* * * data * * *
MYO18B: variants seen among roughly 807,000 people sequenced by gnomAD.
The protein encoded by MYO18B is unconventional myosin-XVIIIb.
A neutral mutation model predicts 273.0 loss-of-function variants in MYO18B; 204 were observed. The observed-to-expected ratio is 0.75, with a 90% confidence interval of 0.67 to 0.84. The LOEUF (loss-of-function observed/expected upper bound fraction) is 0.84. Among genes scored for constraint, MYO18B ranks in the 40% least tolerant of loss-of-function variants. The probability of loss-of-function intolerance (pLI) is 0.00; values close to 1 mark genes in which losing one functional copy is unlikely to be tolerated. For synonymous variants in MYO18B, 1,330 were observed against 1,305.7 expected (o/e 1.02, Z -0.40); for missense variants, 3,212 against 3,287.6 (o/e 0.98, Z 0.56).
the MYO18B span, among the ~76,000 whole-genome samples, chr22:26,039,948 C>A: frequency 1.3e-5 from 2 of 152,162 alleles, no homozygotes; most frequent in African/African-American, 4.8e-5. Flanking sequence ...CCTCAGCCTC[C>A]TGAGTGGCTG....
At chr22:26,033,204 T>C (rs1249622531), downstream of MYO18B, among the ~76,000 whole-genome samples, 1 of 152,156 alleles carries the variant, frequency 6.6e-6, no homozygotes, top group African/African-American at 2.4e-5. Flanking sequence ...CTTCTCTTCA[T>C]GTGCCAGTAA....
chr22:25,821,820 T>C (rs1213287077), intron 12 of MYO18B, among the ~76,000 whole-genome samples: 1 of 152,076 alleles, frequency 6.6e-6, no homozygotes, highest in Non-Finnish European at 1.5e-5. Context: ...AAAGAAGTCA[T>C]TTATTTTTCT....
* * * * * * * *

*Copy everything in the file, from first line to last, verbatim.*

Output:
MYO18B: variants seen among roughly 807,000 people sequenced by gnomAD.
The protein encoded by MYO18B is unconventional myosin-XVIIIb.
A neutral mutation model predicts 273.0 loss-of-function variants in MYO18B; 204 were observed. The observed-to-expected ratio is 0.75, with a 90% confidence interval of 0.67 to 0.84. The LOEUF (loss-of-function observed/expected upper bound fraction) is 0.84. Among genes scored for constraint, MYO18B ranks in the 40% least tolerant of loss-of-function variants. The probability of loss-of-function intolerance (pLI) is 0.00; values close to 1 mark genes in which losing one functional copy is unlikely to be tolerated. For synonymous variants in MYO18B, 1,330 were observed against 1,305.7 expected (o/e 1.02, Z -0.40); for missense variants, 3,212 against 3,287.6 (o/e 0.98, Z 0.56).
the MYO18B span, among the ~76,000 whole-genome samples, chr22:26,039,948 C>A: frequency 1.3e-5 from 2 of 152,162 alleles, no homozygotes; most frequent in African/African-American, 4.8e-5. Flanking sequence ...CCTCAGCCTC[C>A]TGAGTGGCTG....
At chr22:26,033,204 T>C (rs1249622531), downstream of MYO18B, among the ~76,000 whole-genome samples, 1 of 152,156 alleles carries the variant, frequency 6.6e-6, no homozygotes, top group African/African-American at 2.4e-5. Flanking sequence ...CTTCTCTTCA[T>C]GTGCCAGTAA....
chr22:25,821,820 T>C (rs1213287077), intron 12 of MYO18B, among the ~76,000 whole-genome samples: 1 of 152,076 alleles, frequency 6.6e-6, no homozygotes, highest in Non-Finnish European at 1.5e-5. Context: ...AAAGAAGTCA[T>C]TTATTTTTCT....